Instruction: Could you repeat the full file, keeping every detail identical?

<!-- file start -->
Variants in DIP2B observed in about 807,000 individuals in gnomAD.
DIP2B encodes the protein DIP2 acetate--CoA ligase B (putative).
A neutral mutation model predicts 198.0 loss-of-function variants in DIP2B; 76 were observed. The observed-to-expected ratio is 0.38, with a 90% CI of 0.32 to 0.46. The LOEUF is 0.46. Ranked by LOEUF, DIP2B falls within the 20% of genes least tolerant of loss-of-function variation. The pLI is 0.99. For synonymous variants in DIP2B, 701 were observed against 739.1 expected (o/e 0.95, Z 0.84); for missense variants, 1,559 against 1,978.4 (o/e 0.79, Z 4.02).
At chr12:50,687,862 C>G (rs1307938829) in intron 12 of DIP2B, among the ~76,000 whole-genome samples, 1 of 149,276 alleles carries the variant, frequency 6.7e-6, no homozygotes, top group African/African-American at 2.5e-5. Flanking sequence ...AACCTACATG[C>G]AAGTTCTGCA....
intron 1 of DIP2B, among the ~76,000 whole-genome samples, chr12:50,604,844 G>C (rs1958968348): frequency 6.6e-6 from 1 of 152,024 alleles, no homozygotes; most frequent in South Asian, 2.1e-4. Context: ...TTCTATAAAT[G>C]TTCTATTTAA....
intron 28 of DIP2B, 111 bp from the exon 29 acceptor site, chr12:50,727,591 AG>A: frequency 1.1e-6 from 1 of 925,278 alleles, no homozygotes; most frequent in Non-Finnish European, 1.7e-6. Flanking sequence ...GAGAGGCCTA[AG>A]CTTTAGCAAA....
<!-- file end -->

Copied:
Variants in DIP2B observed in about 807,000 individuals in gnomAD.
DIP2B encodes the protein DIP2 acetate--CoA ligase B (putative).
A neutral mutation model predicts 198.0 loss-of-function variants in DIP2B; 76 were observed. The observed-to-expected ratio is 0.38, with a 90% CI of 0.32 to 0.46. The LOEUF is 0.46. Ranked by LOEUF, DIP2B falls within the 20% of genes least tolerant of loss-of-function variation. The pLI is 0.99. For synonymous variants in DIP2B, 701 were observed against 739.1 expected (o/e 0.95, Z 0.84); for missense variants, 1,559 against 1,978.4 (o/e 0.79, Z 4.02).
At chr12:50,687,862 C>G (rs1307938829) in intron 12 of DIP2B, among the ~76,000 whole-genome samples, 1 of 149,276 alleles carries the variant, frequency 6.7e-6, no homozygotes, top group African/African-American at 2.5e-5. Flanking sequence ...AACCTACATG[C>G]AAGTTCTGCA....
intron 1 of DIP2B, among the ~76,000 whole-genome samples, chr12:50,604,844 G>C (rs1958968348): frequency 6.6e-6 from 1 of 152,024 alleles, no homozygotes; most frequent in South Asian, 2.1e-4. Context: ...TTCTATAAAT[G>C]TTCTATTTAA....
intron 28 of DIP2B, 111 bp from the exon 29 acceptor site, chr12:50,727,591 AG>A: frequency 1.1e-6 from 1 of 925,278 alleles, no homozygotes; most frequent in Non-Finnish European, 1.7e-6. Flanking sequence ...GAGAGGCCTA[AG>A]CTTTAGCAAA....